Drug eruptions are a common dermatologic problem faced by pediatricians. Among the most distinctive of these is the fixed drug eruption, a cutaneous inflammatory reaction manifested by solitary or multiple, well-defined, erythematous macules that may become bullous.1,2 Lesions usually occur within a few hours of ingesting the drug, characteristically recur in the same location with each subsequent dose, and leave residual hyperpigmentation. To illustrate the importance and unique features of this unusual reaction, we report the case of a child who experienced a recurrent fixed drug eruption induced by phenolphthalein-containing, nonprescription laxatives.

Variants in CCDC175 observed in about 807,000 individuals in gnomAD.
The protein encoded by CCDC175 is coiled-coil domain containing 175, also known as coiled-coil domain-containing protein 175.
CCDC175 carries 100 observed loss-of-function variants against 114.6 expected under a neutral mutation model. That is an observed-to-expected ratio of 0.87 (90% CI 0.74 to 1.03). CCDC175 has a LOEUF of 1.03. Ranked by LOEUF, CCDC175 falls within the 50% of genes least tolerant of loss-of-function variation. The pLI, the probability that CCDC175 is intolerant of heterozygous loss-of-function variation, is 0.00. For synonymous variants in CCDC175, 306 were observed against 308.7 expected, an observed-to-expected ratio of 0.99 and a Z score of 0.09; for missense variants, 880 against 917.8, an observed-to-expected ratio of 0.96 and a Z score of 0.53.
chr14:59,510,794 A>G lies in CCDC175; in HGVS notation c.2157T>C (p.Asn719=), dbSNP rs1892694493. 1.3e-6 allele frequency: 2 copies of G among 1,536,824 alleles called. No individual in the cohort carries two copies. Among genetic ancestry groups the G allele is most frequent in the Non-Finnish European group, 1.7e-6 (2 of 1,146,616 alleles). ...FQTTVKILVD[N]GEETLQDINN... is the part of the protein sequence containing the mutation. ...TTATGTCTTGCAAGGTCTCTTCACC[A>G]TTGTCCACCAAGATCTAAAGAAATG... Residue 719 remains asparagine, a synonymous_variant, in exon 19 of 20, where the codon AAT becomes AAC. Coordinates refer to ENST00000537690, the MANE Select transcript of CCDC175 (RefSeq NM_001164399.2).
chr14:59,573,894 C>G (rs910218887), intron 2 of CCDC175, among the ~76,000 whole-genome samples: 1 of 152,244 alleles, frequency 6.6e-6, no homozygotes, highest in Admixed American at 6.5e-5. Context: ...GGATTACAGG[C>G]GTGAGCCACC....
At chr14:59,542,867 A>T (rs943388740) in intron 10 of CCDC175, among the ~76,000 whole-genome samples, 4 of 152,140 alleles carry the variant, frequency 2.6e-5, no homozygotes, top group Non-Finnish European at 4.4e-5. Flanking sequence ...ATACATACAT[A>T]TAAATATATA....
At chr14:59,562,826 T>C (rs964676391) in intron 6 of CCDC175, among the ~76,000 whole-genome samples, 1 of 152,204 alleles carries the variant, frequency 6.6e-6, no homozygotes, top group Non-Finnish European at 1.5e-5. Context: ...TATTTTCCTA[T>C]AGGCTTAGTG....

An 8-year-old African-American girl was brought to the Dermatology Clinic for evaluation of pruritic and occasionally swollen "dark spots" that had been present on her face and arms for months.

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